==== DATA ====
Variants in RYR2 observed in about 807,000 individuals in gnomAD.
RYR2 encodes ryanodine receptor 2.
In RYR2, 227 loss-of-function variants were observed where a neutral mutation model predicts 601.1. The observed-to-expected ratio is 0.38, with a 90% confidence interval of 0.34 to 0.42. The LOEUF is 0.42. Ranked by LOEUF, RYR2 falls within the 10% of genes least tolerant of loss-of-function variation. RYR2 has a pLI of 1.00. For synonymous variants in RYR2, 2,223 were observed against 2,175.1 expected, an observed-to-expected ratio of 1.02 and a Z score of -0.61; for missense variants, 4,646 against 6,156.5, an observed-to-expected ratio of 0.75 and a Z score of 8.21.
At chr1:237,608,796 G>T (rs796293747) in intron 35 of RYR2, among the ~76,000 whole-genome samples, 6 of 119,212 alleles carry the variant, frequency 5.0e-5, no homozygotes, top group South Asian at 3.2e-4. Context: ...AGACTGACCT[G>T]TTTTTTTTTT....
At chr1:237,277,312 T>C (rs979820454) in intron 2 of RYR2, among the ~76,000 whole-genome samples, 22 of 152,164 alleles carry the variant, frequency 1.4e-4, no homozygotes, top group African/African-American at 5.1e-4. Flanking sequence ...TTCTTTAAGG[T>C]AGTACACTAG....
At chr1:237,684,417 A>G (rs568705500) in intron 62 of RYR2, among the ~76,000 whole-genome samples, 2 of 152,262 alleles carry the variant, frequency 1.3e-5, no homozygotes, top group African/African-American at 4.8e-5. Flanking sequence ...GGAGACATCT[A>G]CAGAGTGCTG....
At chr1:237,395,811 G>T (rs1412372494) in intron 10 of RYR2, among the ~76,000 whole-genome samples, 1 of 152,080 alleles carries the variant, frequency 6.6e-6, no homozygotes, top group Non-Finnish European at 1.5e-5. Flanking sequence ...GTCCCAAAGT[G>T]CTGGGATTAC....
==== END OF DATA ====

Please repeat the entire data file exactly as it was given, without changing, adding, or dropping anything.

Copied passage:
Variants in RYR2 observed in about 807,000 individuals in gnomAD.
RYR2 encodes ryanodine receptor 2.
In RYR2, 227 loss-of-function variants were observed where a neutral mutation model predicts 601.1. The observed-to-expected ratio is 0.38, with a 90% confidence interval of 0.34 to 0.42. The LOEUF is 0.42. Ranked by LOEUF, RYR2 falls within the 10% of genes least tolerant of loss-of-function variation. RYR2 has a pLI of 1.00. For synonymous variants in RYR2, 2,223 were observed against 2,175.1 expected, an observed-to-expected ratio of 1.02 and a Z score of -0.61; for missense variants, 4,646 against 6,156.5, an observed-to-expected ratio of 0.75 and a Z score of 8.21.
At chr1:237,608,796 G>T (rs796293747) in intron 35 of RYR2, among the ~76,000 whole-genome samples, 6 of 119,212 alleles carry the variant, frequency 5.0e-5, no homozygotes, top group South Asian at 3.2e-4. Context: ...AGACTGACCT[G>T]TTTTTTTTTT....
At chr1:237,277,312 T>C (rs979820454) in intron 2 of RYR2, among the ~76,000 whole-genome samples, 22 of 152,164 alleles carry the variant, frequency 1.4e-4, no homozygotes, top group African/African-American at 5.1e-4. Flanking sequence ...TTCTTTAAGG[T>C]AGTACACTAG....
At chr1:237,684,417 A>G (rs568705500) in intron 62 of RYR2, among the ~76,000 whole-genome samples, 2 of 152,262 alleles carry the variant, frequency 1.3e-5, no homozygotes, top group African/African-American at 4.8e-5. Flanking sequence ...GGAGACATCT[A>G]CAGAGTGCTG....
At chr1:237,395,811 G>T (rs1412372494) in intron 10 of RYR2, among the ~76,000 whole-genome samples, 1 of 152,080 alleles carries the variant, frequency 6.6e-6, no homozygotes, top group Non-Finnish European at 1.5e-5. Flanking sequence ...GTCCCAAAGT[G>T]CTGGGATTAC....